May – a time for blossom in the garden.
By Sarah Wilson
April was a riot of yellow and blue in the gardens and woodlands around Kingswood – the daffodils and bluebells, although battered by wind and rain, gave us a sense of spring which was followed in early May with a splendid offering of bright tulips. In mid May the garden looks a bit sombre, as the summer perennials are just coming into leaf and we have a sea of bright green but not much colour. I think this is what drives people to the garden centres to stock up on bedding plants. Bedding plants come in a range of cheerful colours and provide instant colour. They are however, quite labour intensive, requiring watering and deadheading and then at the end of summer – you throw them away!
A better solution is to try and fill the May and June garden with pink and white blossom on trees and shrubs. There is something to suit everyone and once established they need little maintenance and they will produce masses of blossom year after year.
For early May you can plant Viburnum burkwoodii – scented pinky -white flowers which last for months. The most striking tree for early May is the Amelanchier Lamarkii – there are several on Woodland Way, it is a small tree – about 14 feet, with soft copper leaves followed by delicate pink blossom and then in Autumn the leaves turn red – a tree for all seasons.
For May flowering shrubs try the Choisya dewitteana ‘Aztec Pear l’ – glossy evergreen leaves and scented white blossom for all May. Two other useful shrubs are Exochorda ‘The Bride’ and the Spirea ‘ Bridal Wreath’. By late May the excellent Viburnum plicatum, with tiers of white blossom will be in full flower.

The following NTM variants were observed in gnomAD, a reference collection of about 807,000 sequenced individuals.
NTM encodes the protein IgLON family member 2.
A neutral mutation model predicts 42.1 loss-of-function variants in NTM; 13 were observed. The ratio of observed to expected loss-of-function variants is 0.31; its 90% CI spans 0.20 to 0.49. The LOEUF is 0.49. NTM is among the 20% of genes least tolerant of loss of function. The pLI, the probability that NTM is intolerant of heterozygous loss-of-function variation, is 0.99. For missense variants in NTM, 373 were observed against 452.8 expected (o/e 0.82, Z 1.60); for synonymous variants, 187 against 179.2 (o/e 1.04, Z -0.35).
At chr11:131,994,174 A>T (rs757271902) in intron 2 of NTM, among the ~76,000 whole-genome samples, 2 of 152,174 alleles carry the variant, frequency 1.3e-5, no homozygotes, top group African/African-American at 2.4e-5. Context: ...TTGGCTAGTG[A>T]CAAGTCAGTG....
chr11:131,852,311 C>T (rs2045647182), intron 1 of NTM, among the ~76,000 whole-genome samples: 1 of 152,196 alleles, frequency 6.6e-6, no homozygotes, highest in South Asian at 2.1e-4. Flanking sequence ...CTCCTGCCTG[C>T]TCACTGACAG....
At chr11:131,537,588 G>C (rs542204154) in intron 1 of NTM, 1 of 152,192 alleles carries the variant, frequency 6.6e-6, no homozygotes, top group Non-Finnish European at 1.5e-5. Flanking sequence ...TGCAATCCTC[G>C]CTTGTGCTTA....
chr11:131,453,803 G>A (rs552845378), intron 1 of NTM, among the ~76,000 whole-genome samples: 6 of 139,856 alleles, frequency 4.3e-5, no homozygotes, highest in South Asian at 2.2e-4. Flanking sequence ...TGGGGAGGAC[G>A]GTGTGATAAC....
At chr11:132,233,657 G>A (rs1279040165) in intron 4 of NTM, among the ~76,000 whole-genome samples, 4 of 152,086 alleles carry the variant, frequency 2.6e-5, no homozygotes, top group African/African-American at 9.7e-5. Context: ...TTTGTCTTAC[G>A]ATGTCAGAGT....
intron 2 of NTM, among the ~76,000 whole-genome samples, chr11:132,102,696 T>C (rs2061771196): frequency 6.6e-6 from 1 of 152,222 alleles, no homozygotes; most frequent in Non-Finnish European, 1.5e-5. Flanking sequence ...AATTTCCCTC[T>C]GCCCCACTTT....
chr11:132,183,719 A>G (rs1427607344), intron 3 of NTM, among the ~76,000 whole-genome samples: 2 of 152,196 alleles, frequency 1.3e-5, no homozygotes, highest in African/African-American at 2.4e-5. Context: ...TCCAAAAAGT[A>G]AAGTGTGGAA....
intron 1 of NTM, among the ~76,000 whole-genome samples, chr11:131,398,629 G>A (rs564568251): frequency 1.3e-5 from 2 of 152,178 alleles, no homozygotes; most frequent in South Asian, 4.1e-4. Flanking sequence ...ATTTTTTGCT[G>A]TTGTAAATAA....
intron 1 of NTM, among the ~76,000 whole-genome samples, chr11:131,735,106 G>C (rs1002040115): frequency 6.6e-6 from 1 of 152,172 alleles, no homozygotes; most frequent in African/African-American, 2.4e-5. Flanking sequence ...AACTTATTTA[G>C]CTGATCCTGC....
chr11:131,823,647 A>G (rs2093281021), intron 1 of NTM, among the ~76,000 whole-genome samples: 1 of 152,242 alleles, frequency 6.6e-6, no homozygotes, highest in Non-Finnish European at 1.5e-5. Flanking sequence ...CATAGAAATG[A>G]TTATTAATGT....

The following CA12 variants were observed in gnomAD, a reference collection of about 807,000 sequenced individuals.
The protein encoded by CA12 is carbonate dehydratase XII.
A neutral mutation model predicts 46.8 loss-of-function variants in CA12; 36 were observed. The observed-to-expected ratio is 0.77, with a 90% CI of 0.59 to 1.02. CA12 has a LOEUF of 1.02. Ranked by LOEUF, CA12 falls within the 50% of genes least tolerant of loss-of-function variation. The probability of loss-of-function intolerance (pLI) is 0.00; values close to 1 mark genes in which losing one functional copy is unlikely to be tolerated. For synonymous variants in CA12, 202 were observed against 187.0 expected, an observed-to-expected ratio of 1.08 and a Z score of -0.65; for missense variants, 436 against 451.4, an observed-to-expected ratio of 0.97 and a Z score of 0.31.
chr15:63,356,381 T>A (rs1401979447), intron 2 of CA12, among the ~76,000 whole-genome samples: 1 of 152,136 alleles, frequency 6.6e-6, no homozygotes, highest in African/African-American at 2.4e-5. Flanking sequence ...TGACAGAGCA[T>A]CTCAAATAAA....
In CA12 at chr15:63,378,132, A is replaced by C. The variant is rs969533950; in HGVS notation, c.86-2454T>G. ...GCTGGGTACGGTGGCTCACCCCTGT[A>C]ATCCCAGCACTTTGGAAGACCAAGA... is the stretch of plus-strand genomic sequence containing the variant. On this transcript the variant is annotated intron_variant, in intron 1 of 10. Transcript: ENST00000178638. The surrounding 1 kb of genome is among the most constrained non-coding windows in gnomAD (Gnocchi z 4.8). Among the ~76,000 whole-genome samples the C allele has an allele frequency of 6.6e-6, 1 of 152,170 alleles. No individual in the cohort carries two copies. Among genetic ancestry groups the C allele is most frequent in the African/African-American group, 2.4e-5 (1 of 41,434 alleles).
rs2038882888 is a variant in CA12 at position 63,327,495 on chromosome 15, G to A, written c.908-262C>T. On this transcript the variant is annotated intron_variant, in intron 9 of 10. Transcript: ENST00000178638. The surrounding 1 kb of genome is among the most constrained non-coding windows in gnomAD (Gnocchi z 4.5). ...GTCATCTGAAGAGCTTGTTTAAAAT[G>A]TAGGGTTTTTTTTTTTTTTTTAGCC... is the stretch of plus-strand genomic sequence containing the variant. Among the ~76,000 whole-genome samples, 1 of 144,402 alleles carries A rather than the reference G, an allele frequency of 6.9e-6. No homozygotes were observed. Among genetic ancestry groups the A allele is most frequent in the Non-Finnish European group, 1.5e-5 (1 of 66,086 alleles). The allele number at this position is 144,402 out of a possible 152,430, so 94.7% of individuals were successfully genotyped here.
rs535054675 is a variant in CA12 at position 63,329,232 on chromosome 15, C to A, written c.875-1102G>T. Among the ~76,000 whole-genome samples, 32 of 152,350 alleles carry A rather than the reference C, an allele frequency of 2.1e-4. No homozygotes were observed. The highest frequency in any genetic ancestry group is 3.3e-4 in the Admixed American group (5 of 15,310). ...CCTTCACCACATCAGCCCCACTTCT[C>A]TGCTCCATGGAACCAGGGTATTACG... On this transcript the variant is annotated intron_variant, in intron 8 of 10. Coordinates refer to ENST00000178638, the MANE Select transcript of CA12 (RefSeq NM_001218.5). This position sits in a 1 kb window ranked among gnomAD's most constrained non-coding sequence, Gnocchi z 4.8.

Finally, don’t forget the flowering cherries and crab apples – Both are very easy to grow, tolerant of all soils and need no attention.
The best flowering cherry, and there are several in Kingswood Warren, is Prunus ‘Shirofugen’ – white drooping buds turning into pink blossom which fall on the ground like confetti. A tall but narrow tree, suitable for a small border is Prunus Amanogawa – looks like a spire of pink fluffy blossom. If you want a Crab Apple the very best is Malus ‘Red Sentinel “. You can see these at Wisley – it has the most wonderful, almost translucent red berries in profusion in autumn. A more traditional Malus is the Malus Floribunda – the Japanese Crab – a mass of red buds followed by soft pink blossom in May.
If you really want to buy a wonderful new tree for your garden you couldn’t do better than a Cornus – either Cornus Kousa – a tallish tree with masses of white flowers (or bracts) in June and striking red fruit in August or the Wedding Cake Tree – Cornus Controversa – with tiers of white flowers from April to June.
It was nice to see so many locals at my open garden on the 2nd May. Despite the rather cold weather we had 110 visitors and made £550 for the NGS charities and £260 for the Kingswood NSPCC – selling the cakes made by the ladies of the RAC.
If you want to see how different the garden looks in June – come and see us on the 11th or 12th June. On Saturday we will give you a glass of wine and nibbles – from 6 – 8. On Sunday the Children’s Trust volunteers are serving tea and cakes from 2- 4 – so do come and support us.
Dr Sarah Wilson, a long time resident in The Warren, regularly opens her garden in the summer months with the National Garden Scheme.
To contact Sarah please click here